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Coaching Tips

Hi!  Welcome to Coaching Soccer at Southside!   This page is dedicated to growing and developing as coaches for Southside Football Club!


Our goal is to help Southside coaches develop their skills so we all have fun and grow our skills in the beautiful game.  Feel free to reach out and we will be happy to help coaches at any level. 


That said, this guide is intended for people coaching a youth soccer team for the first time who may not have advanced skills themselves.  These volunteers are likely working with young players, parents experiencing competitive sports for the first time and referees that are likely new to the game. We are here to help.  

If you’re looking for some more advanced topics please contact bryan at directly.  

Before You Start


As a Coach, your team will follow your leadership.  Are you a happy-go-lucky Coach or someone who yells at kids?   Are you stressed out or calm?  Are you angry or chill?  Players, parents, grandparents, siblings, and the rest of the sideline will follow your lead.  Leading your sideline is at least as important as leading your players.


Choose the tone you want to set and make sure you model it from this moment forward.  Setting a tone and demonstrating good sportsmanship is the best way to make sure your players and your sideline do the same.  Every coach does this differently, so make sure you are setting the example that you want to see.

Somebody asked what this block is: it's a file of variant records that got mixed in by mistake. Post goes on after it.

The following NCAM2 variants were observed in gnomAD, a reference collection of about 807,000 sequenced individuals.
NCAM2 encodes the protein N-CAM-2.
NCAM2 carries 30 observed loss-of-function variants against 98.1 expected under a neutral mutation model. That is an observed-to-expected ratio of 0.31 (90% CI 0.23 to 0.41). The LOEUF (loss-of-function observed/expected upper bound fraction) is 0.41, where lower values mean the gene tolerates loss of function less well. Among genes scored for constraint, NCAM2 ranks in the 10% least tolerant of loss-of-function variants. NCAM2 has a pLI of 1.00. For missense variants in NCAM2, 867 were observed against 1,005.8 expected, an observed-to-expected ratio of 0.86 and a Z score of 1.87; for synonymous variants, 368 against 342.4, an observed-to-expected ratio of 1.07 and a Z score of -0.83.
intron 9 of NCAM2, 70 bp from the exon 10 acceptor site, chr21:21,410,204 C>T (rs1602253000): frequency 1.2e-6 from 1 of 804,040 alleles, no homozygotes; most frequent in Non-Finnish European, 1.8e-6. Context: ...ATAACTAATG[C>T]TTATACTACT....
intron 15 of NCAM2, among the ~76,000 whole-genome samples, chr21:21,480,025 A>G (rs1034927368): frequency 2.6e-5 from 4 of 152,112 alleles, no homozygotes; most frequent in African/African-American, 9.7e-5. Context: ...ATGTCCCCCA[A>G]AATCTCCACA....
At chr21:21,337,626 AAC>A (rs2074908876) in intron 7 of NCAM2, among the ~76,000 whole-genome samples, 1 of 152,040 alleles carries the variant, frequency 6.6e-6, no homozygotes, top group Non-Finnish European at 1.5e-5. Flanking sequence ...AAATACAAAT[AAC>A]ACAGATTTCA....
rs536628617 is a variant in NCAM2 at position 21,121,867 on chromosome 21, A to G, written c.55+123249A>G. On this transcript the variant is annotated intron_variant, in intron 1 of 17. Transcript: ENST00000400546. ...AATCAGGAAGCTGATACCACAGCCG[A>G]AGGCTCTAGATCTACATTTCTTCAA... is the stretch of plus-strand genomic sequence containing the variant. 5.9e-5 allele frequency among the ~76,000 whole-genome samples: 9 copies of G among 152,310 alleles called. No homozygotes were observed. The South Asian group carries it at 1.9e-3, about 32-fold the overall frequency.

When you get your roster

Opening Communication

We are here to have fun and build community!   Contact the parents on the roster as soon as you can.  Introduce yourself.  Share any philosophy you want to share. Set a tone. Share practice and match schedules to the best of your ability.  This is your opportunity to ask for assistant coaches or team parents if you want them. 

A common comment to the team is to expect "The 5 S's".  This is: 

- Shorts

- Soccer Shoes

- Shinguards

- Soccer Socks (go OVER the shin guards)

- Shirt


This is the person who is ready to take the team when you go out of town.   They help with practices and running the team during matches.  They help keep track of subs on gameday. This is a soccer-heavy volunteer helping organize the team on the field.  Not all teams have one.  The first email is a good chance to introduce an assistant coach, or ask someone to fill the position.

Team Parent - (A.K.A. SNACKS!!)